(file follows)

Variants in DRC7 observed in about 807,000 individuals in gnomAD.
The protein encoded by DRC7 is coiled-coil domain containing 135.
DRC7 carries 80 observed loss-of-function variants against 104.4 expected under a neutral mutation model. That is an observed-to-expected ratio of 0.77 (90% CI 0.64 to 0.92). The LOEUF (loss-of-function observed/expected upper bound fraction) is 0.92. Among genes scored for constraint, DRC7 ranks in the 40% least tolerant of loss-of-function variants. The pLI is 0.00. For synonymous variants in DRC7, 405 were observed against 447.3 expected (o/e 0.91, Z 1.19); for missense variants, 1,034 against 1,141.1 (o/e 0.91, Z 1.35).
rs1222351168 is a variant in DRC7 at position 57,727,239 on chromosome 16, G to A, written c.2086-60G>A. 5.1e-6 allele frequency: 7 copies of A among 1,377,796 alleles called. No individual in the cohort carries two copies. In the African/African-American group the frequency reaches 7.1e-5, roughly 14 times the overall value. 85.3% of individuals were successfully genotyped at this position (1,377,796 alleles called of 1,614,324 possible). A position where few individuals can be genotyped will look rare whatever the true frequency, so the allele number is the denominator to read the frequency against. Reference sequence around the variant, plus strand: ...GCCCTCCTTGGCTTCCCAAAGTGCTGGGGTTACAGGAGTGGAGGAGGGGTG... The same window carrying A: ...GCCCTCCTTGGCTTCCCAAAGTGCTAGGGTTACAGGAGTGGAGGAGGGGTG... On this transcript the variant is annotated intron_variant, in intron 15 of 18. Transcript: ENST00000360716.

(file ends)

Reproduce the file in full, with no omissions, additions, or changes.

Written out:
Variants in DRC7 observed in about 807,000 individuals in gnomAD.
The protein encoded by DRC7 is coiled-coil domain containing 135.
DRC7 carries 80 observed loss-of-function variants against 104.4 expected under a neutral mutation model. That is an observed-to-expected ratio of 0.77 (90% CI 0.64 to 0.92). The LOEUF (loss-of-function observed/expected upper bound fraction) is 0.92. Among genes scored for constraint, DRC7 ranks in the 40% least tolerant of loss-of-function variants. The pLI is 0.00. For synonymous variants in DRC7, 405 were observed against 447.3 expected (o/e 0.91, Z 1.19); for missense variants, 1,034 against 1,141.1 (o/e 0.91, Z 1.35).
rs1222351168 is a variant in DRC7 at position 57,727,239 on chromosome 16, G to A, written c.2086-60G>A. 5.1e-6 allele frequency: 7 copies of A among 1,377,796 alleles called. No individual in the cohort carries two copies. In the African/African-American group the frequency reaches 7.1e-5, roughly 14 times the overall value. 85.3% of individuals were successfully genotyped at this position (1,377,796 alleles called of 1,614,324 possible). A position where few individuals can be genotyped will look rare whatever the true frequency, so the allele number is the denominator to read the frequency against. Reference sequence around the variant, plus strand: ...GCCCTCCTTGGCTTCCCAAAGTGCTGGGGTTACAGGAGTGGAGGAGGGGTG... The same window carrying A: ...GCCCTCCTTGGCTTCCCAAAGTGCTAGGGTTACAGGAGTGGAGGAGGGGTG... On this transcript the variant is annotated intron_variant, in intron 15 of 18. Transcript: ENST00000360716.